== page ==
Review

Must Love Dogs Review

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Jul 29, 2005 | 4:13am EDT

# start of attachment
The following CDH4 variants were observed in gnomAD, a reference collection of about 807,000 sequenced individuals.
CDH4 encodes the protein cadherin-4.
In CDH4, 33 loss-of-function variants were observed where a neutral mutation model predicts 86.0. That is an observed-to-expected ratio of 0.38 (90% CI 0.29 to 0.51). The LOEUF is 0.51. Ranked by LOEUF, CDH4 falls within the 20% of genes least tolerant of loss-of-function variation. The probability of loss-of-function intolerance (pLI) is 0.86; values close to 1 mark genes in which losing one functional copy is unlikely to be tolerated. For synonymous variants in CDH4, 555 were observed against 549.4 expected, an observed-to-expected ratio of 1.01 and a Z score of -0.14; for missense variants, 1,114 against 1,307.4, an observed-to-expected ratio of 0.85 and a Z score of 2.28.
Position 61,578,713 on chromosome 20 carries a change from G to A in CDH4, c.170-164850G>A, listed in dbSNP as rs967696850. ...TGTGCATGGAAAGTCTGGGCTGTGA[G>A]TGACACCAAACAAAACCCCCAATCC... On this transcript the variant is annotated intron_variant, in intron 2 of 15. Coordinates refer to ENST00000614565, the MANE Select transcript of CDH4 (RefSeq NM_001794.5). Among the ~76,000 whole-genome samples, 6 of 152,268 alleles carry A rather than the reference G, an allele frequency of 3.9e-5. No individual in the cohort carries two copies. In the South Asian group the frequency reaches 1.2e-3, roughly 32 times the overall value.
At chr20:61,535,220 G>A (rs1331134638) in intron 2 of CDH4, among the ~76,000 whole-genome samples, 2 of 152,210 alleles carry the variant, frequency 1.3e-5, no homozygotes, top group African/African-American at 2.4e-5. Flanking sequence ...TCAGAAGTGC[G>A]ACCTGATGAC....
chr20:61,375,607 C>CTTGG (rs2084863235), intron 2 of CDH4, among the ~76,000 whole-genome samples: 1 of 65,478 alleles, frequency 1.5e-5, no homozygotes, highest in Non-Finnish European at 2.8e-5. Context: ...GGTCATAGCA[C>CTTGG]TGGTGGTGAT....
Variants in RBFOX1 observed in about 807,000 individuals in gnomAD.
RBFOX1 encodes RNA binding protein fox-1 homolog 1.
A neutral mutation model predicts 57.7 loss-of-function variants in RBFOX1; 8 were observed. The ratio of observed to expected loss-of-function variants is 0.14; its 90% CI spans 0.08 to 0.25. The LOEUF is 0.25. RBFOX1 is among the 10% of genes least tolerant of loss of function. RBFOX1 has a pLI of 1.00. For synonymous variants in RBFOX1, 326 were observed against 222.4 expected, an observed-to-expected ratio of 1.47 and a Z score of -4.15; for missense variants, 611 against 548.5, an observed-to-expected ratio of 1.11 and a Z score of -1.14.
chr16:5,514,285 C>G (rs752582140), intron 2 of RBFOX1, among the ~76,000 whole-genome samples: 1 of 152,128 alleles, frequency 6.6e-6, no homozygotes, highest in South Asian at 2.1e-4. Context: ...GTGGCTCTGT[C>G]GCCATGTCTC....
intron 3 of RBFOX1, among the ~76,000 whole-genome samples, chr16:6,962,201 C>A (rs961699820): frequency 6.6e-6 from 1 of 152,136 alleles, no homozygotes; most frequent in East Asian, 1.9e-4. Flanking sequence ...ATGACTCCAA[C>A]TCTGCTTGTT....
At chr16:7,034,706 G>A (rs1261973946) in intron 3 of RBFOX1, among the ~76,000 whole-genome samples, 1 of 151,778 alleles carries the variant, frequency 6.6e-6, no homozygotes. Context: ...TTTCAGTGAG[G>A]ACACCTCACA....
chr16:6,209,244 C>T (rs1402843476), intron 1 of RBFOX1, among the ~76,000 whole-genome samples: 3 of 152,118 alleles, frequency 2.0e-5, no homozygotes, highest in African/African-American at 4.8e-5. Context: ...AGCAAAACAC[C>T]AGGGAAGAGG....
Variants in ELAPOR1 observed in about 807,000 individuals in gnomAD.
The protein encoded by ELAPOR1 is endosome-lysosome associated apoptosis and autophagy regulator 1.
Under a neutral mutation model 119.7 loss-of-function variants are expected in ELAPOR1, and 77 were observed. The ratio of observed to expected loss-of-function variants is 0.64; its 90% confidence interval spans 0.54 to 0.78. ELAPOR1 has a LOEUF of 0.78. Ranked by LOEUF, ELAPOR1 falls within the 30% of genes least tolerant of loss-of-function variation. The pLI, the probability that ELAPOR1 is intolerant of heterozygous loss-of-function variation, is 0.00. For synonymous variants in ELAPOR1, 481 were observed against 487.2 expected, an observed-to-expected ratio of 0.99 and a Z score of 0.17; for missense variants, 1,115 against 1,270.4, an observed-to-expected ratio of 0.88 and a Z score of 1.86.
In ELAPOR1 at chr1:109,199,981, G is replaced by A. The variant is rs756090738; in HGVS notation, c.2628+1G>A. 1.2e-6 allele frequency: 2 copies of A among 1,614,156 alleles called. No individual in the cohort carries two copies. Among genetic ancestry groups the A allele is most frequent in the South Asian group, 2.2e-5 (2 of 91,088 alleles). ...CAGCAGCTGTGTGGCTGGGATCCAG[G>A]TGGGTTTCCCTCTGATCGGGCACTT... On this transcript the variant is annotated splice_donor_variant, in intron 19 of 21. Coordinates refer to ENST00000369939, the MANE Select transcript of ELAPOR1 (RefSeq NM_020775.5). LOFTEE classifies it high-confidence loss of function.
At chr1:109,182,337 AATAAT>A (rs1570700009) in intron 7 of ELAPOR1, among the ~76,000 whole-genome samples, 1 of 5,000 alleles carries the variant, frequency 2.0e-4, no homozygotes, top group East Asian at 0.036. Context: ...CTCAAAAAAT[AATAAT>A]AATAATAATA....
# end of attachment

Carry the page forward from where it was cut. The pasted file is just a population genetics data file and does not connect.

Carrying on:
Sarah (Diane Lane) is a just-divorced pre-school teacher whom seemingly everyone in the world wants to set up on a date much to her chagrin. She insists on staying out of the horrid dating scene until her meddlesome sister (Elizabeth Perkins) takes it upon herself to put a listing on a matchmaking Web site under the canine-friendly heading sharing the movie's title. Cusack's Jake a morose boat builder who's also goaded by a well-meaning but shrewish friend replies. After an initial rendezvous and a couple of dates everything is going swimmingly until-in what gently passes for a complication- another man steps into her life: Bobby (Dermot Mulroney) an athletic single father of one of her young students and straight-up nice guy. For just a while there it's hard to tell which suitor she'll end up with…unless you've seen these kinds of movies before: Man and woman meet in a cute way spend time together while insisting they're in love with different people (whom only we can see are bad for them) only to come to their senses at the last minute and race across town to stop the other from getting on a train. But quite simply it works often like a charm. In a movie that seems patently crafted not to offend it's the stars who save the day but Diane Lane and John Cusack are coasting through this one; they hardly turn in noteworthy performances. Lane has fire for sure--Unfaithful is the obvious example and everyone remembers Cusack suffering heartache to the point of hoisting a boom box over his head in Say Anything. Neither has much to work with. In what is apparently a robust trend among movies these days another set of older actors are given their due by playing the parents--in this case it's Christopher Plummer as Lane's swinging bachelor father and his main squeeze played by Stockard Channing. While neither as sharp as Bewitcheds' Michael Caine and Shirley MaClaine nor as funny as Meet the Fockers' Dustin Hoffman and Barbra Streisand (all of whom to be fair were in bigger broader comedies) they fill out the screen nicely. Perkins fits the role of the jaded diffuse older sister better than she might like to. Romantic comedies are not often known for the direction although some are known for their directors. TV fans may remember Gary David Goldberg as the creator of Family Ties (or at least they'll remember his voice from the close of every show "Sit Ubu sit. Good Dog.") Like Ephron and Garry Marshall he's a pro. Not a scene nor a rhythm is out of place nothing sticks out like a sore thumb the pace is neither too fast nor too slow. It doesn't ask questions that it can't answer. But what about the questions it doesn't ask? Maybe this movie could use a few threads sticking out a few rings on the coffee table. Maybe it needed a ratings makeover. At PG-13 it's squeaky clean except for one extended and funny scene about condoms. But here's the rub - teenagers aren't going anywhere near this picture anyway - they're across the multiplex trying to sneak into Wedding Crashers.

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